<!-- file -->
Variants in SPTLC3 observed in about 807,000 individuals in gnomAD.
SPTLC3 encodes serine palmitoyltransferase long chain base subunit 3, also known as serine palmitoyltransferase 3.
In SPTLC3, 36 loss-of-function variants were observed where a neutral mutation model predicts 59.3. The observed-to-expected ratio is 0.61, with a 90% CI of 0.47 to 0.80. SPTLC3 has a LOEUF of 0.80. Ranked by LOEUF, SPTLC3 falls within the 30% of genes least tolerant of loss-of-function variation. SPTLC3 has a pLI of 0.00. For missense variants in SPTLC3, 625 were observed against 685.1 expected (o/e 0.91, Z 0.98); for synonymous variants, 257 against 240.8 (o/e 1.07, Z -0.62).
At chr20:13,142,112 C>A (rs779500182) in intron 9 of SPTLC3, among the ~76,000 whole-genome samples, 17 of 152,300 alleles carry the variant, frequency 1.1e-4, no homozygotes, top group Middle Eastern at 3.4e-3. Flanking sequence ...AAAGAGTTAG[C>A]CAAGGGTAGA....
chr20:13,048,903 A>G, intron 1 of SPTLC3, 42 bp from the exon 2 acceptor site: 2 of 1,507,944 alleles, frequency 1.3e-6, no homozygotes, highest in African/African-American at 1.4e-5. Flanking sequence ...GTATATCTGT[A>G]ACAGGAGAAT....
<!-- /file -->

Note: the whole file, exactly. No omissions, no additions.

Variants in SPTLC3 observed in about 807,000 individuals in gnomAD.
SPTLC3 encodes serine palmitoyltransferase long chain base subunit 3, also known as serine palmitoyltransferase 3.
In SPTLC3, 36 loss-of-function variants were observed where a neutral mutation model predicts 59.3. The observed-to-expected ratio is 0.61, with a 90% CI of 0.47 to 0.80. SPTLC3 has a LOEUF of 0.80. Ranked by LOEUF, SPTLC3 falls within the 30% of genes least tolerant of loss-of-function variation. SPTLC3 has a pLI of 0.00. For missense variants in SPTLC3, 625 were observed against 685.1 expected (o/e 0.91, Z 0.98); for synonymous variants, 257 against 240.8 (o/e 1.07, Z -0.62).
At chr20:13,142,112 C>A (rs779500182) in intron 9 of SPTLC3, among the ~76,000 whole-genome samples, 17 of 152,300 alleles carry the variant, frequency 1.1e-4, no homozygotes, top group Middle Eastern at 3.4e-3. Flanking sequence ...AAAGAGTTAG[C>A]CAAGGGTAGA....
chr20:13,048,903 A>G, intron 1 of SPTLC3, 42 bp from the exon 2 acceptor site: 2 of 1,507,944 alleles, frequency 1.3e-6, no homozygotes, highest in African/African-American at 1.4e-5. Flanking sequence ...GTATATCTGT[A>G]ACAGGAGAAT....